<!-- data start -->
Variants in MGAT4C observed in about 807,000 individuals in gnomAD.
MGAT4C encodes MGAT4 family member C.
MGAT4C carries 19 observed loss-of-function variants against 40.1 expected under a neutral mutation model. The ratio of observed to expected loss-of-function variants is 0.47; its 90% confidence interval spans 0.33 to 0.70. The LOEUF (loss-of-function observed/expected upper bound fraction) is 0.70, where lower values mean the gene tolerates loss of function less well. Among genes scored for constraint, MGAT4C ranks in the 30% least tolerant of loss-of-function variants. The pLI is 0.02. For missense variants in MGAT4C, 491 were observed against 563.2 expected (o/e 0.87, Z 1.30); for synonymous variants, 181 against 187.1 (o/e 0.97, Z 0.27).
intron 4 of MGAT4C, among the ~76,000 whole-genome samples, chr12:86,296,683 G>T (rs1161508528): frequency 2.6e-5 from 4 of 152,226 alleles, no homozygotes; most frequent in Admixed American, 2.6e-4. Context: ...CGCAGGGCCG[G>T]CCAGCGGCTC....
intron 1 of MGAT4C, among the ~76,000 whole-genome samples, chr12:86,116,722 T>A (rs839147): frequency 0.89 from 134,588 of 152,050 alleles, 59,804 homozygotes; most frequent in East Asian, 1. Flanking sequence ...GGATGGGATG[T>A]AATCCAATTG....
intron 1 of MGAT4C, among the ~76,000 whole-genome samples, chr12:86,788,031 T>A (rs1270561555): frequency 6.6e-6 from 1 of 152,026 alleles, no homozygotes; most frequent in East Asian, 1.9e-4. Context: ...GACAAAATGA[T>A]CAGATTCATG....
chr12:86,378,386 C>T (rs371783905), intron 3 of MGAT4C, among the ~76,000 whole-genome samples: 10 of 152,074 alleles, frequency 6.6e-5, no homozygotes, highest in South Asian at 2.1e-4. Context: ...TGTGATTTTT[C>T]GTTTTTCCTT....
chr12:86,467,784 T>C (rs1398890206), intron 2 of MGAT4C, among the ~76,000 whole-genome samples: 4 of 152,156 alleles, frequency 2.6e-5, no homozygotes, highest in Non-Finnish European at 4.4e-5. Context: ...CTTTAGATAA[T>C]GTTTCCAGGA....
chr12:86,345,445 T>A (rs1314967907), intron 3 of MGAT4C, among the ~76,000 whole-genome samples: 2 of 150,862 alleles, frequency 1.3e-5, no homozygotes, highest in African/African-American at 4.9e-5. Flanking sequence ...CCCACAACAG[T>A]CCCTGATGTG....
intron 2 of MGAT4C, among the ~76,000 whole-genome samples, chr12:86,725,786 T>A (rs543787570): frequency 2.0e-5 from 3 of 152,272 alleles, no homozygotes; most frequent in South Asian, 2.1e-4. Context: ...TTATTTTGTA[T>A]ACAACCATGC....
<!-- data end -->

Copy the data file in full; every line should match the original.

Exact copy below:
Variants in MGAT4C observed in about 807,000 individuals in gnomAD.
MGAT4C encodes MGAT4 family member C.
MGAT4C carries 19 observed loss-of-function variants against 40.1 expected under a neutral mutation model. The ratio of observed to expected loss-of-function variants is 0.47; its 90% confidence interval spans 0.33 to 0.70. The LOEUF (loss-of-function observed/expected upper bound fraction) is 0.70, where lower values mean the gene tolerates loss of function less well. Among genes scored for constraint, MGAT4C ranks in the 30% least tolerant of loss-of-function variants. The pLI is 0.02. For missense variants in MGAT4C, 491 were observed against 563.2 expected (o/e 0.87, Z 1.30); for synonymous variants, 181 against 187.1 (o/e 0.97, Z 0.27).
intron 4 of MGAT4C, among the ~76,000 whole-genome samples, chr12:86,296,683 G>T (rs1161508528): frequency 2.6e-5 from 4 of 152,226 alleles, no homozygotes; most frequent in Admixed American, 2.6e-4. Context: ...CGCAGGGCCG[G>T]CCAGCGGCTC....
intron 1 of MGAT4C, among the ~76,000 whole-genome samples, chr12:86,116,722 T>A (rs839147): frequency 0.89 from 134,588 of 152,050 alleles, 59,804 homozygotes; most frequent in East Asian, 1. Flanking sequence ...GGATGGGATG[T>A]AATCCAATTG....
intron 1 of MGAT4C, among the ~76,000 whole-genome samples, chr12:86,788,031 T>A (rs1270561555): frequency 6.6e-6 from 1 of 152,026 alleles, no homozygotes; most frequent in East Asian, 1.9e-4. Context: ...GACAAAATGA[T>A]CAGATTCATG....
chr12:86,378,386 C>T (rs371783905), intron 3 of MGAT4C, among the ~76,000 whole-genome samples: 10 of 152,074 alleles, frequency 6.6e-5, no homozygotes, highest in South Asian at 2.1e-4. Context: ...TGTGATTTTT[C>T]GTTTTTCCTT....
chr12:86,467,784 T>C (rs1398890206), intron 2 of MGAT4C, among the ~76,000 whole-genome samples: 4 of 152,156 alleles, frequency 2.6e-5, no homozygotes, highest in Non-Finnish European at 4.4e-5. Context: ...CTTTAGATAA[T>C]GTTTCCAGGA....
chr12:86,345,445 T>A (rs1314967907), intron 3 of MGAT4C, among the ~76,000 whole-genome samples: 2 of 150,862 alleles, frequency 1.3e-5, no homozygotes, highest in African/African-American at 4.9e-5. Flanking sequence ...CCCACAACAG[T>A]CCCTGATGTG....
intron 2 of MGAT4C, among the ~76,000 whole-genome samples, chr12:86,725,786 T>A (rs543787570): frequency 2.0e-5 from 3 of 152,272 alleles, no homozygotes; most frequent in South Asian, 2.1e-4. Context: ...TTATTTTGTA[T>A]ACAACCATGC....